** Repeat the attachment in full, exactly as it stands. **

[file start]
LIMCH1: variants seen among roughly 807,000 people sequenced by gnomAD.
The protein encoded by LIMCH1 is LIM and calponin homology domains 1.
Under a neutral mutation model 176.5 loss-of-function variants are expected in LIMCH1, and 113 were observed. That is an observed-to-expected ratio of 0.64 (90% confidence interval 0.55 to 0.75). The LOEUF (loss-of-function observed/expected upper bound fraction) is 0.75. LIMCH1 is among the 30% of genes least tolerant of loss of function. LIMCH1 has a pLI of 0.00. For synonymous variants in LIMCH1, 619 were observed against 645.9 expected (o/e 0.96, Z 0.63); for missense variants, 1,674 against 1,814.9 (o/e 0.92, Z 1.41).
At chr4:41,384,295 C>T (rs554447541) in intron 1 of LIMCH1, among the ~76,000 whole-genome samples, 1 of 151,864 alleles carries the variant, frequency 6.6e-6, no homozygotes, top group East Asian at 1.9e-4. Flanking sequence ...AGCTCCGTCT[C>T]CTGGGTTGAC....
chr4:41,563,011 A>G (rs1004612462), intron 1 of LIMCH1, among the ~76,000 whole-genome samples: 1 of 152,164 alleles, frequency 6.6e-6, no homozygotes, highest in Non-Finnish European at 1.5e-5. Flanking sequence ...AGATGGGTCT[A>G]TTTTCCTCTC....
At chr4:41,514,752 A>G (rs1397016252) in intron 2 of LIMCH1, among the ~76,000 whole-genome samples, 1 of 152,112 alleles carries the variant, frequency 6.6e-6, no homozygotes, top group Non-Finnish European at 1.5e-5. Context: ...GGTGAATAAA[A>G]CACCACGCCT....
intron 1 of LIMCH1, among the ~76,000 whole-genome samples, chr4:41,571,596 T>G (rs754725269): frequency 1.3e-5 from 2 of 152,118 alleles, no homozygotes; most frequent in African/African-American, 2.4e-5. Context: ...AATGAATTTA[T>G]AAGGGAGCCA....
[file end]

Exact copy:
LIMCH1: variants seen among roughly 807,000 people sequenced by gnomAD.
The protein encoded by LIMCH1 is LIM and calponin homology domains 1.
Under a neutral mutation model 176.5 loss-of-function variants are expected in LIMCH1, and 113 were observed. That is an observed-to-expected ratio of 0.64 (90% confidence interval 0.55 to 0.75). The LOEUF (loss-of-function observed/expected upper bound fraction) is 0.75. LIMCH1 is among the 30% of genes least tolerant of loss of function. LIMCH1 has a pLI of 0.00. For synonymous variants in LIMCH1, 619 were observed against 645.9 expected (o/e 0.96, Z 0.63); for missense variants, 1,674 against 1,814.9 (o/e 0.92, Z 1.41).
At chr4:41,384,295 C>T (rs554447541) in intron 1 of LIMCH1, among the ~76,000 whole-genome samples, 1 of 151,864 alleles carries the variant, frequency 6.6e-6, no homozygotes, top group East Asian at 1.9e-4. Flanking sequence ...AGCTCCGTCT[C>T]CTGGGTTGAC....
chr4:41,563,011 A>G (rs1004612462), intron 1 of LIMCH1, among the ~76,000 whole-genome samples: 1 of 152,164 alleles, frequency 6.6e-6, no homozygotes, highest in Non-Finnish European at 1.5e-5. Flanking sequence ...AGATGGGTCT[A>G]TTTTCCTCTC....
At chr4:41,514,752 A>G (rs1397016252) in intron 2 of LIMCH1, among the ~76,000 whole-genome samples, 1 of 152,112 alleles carries the variant, frequency 6.6e-6, no homozygotes, top group Non-Finnish European at 1.5e-5. Context: ...GGTGAATAAA[A>G]CACCACGCCT....
intron 1 of LIMCH1, among the ~76,000 whole-genome samples, chr4:41,571,596 T>G (rs754725269): frequency 1.3e-5 from 2 of 152,118 alleles, no homozygotes; most frequent in African/African-American, 2.4e-5. Context: ...AATGAATTTA[T>G]AAGGGAGCCA....